The Canadian couple who died in a helicopter crash on Molokai were taking their first vacation in several years.
Stuart Robertson was second in command at Toronto-based Quartet Service Inc., a technology management service company, where he had worked tirelessly for the last two-and-a-half years.
“I had recently promoted him and he went on a two-week break,” CEO Robert Bracey said Tuesday. “He had never done it before.”
Robertson, 50, and his wife Eva Birgitta Wannersjo, 47, were killed last week during a 45-minute sightseeing tour of West Maui and Molokai. Pilot Nathan Cline and newlyweds Michael and Nicole Abel of Pittsburgh also died when the helicopter plunged into a hillside above an elementary school.
For months, the Canadian couple planned their vacation, choosing to stay on Maui where they planned to hike and travel the scenic, winding road to Hana, Bracey said. It was their first trip to Hawaii.
“They had been to Europe, but this was the first real fancy vacation they had,” Bracey said, adding that Wannersjo was originally from Sweden. “They wanted to chill. They wanted to take a break. They wanted to sit back and enjoy things.”
The couple never mentioned planning to take a helicopter ride.
Robertson and Wannersjo had recently sold their home in the country and rented an apartment in Toronto. “They were enjoying the city like crazy, going on walks, going to coffee shops,” Bracey said.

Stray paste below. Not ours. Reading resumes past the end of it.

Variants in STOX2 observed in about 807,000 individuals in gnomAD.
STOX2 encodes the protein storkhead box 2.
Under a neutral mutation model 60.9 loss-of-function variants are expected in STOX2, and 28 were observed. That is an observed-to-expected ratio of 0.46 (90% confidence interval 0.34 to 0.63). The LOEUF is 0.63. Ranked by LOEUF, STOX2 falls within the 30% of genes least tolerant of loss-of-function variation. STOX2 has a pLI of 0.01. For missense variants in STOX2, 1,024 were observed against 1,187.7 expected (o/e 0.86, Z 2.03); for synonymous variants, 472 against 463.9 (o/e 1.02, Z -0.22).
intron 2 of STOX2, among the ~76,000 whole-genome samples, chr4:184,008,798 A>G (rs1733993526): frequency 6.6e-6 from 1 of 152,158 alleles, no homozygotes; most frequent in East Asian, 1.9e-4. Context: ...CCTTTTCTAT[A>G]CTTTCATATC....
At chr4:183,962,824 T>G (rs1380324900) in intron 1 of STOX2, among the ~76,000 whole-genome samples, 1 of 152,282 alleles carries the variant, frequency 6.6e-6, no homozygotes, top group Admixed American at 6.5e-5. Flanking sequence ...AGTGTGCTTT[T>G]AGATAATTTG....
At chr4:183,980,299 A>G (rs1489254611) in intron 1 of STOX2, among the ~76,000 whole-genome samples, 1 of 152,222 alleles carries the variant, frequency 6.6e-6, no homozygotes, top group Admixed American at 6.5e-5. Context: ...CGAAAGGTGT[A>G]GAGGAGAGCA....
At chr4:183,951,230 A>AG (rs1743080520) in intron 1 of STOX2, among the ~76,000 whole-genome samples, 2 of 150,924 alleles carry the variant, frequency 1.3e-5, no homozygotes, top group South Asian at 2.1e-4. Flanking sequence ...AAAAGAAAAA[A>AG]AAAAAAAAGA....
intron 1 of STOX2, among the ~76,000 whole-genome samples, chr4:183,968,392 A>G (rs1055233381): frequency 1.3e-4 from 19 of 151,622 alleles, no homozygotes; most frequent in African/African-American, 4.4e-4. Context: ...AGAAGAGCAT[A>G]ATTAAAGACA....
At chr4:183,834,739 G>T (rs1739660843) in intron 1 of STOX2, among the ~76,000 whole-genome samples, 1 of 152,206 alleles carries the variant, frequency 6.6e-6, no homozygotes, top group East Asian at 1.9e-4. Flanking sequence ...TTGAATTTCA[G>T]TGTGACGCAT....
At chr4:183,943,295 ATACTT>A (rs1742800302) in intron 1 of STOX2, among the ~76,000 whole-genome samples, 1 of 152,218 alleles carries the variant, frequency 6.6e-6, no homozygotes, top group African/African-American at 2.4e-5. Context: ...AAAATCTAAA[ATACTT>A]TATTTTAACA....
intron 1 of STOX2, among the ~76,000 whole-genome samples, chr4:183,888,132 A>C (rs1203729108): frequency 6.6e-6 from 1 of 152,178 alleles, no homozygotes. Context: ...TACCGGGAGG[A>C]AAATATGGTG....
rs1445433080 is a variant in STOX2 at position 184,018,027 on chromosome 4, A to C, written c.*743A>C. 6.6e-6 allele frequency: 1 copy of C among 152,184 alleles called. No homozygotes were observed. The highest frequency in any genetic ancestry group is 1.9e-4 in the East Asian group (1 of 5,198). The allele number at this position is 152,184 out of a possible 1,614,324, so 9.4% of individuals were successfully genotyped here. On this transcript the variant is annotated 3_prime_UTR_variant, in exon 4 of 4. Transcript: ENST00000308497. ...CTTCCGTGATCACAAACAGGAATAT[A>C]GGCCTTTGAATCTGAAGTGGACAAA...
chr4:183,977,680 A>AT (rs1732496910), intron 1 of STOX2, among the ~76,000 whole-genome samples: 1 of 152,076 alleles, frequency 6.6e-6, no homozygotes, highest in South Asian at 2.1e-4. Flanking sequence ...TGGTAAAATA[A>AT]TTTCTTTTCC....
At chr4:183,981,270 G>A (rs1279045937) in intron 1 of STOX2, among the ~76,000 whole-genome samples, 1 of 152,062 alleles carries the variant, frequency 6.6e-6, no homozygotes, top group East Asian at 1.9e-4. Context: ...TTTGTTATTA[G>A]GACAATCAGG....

A memorial to Robertson was posted on Quartet’s company website. “For some of us, Stuart’s passing is the loss of a close friend — for many of us, it’s the loss of an experienced mentor,” the message reads. “Our thoughts, and our hearts go out to Stuart’s friends and family, as well as to the friends and family of everyone that lost their lives in the crash.”
The National Transportation Safety Board will review maintenance records, the pilot’s medical history, radar data, weather reports, witness accounts and air traffic communications if it is available. A preliminary report is expected by the end of the week or early next week, though it can take months before a cause is determined.
The Blue Hawaiian Helicopters Eurocopter EC-130, which took off from Maui, was engulfed in flames after crashing into a hillside near Kilohana Elementary School. The school’s principal said there had just been a heavy downpour and he thought the loud boom from the crash was thunder.
A Blue Hawaiian chopper crashed in 2000 on Maui, killing all seven people on board.
On Monday, a Blue Hawaiian helicopter pilot made the decision to land on the Big Island as a precaution because of a suspected electrical problem, the Federal Aviation Administration said. None of the six people on board were injured.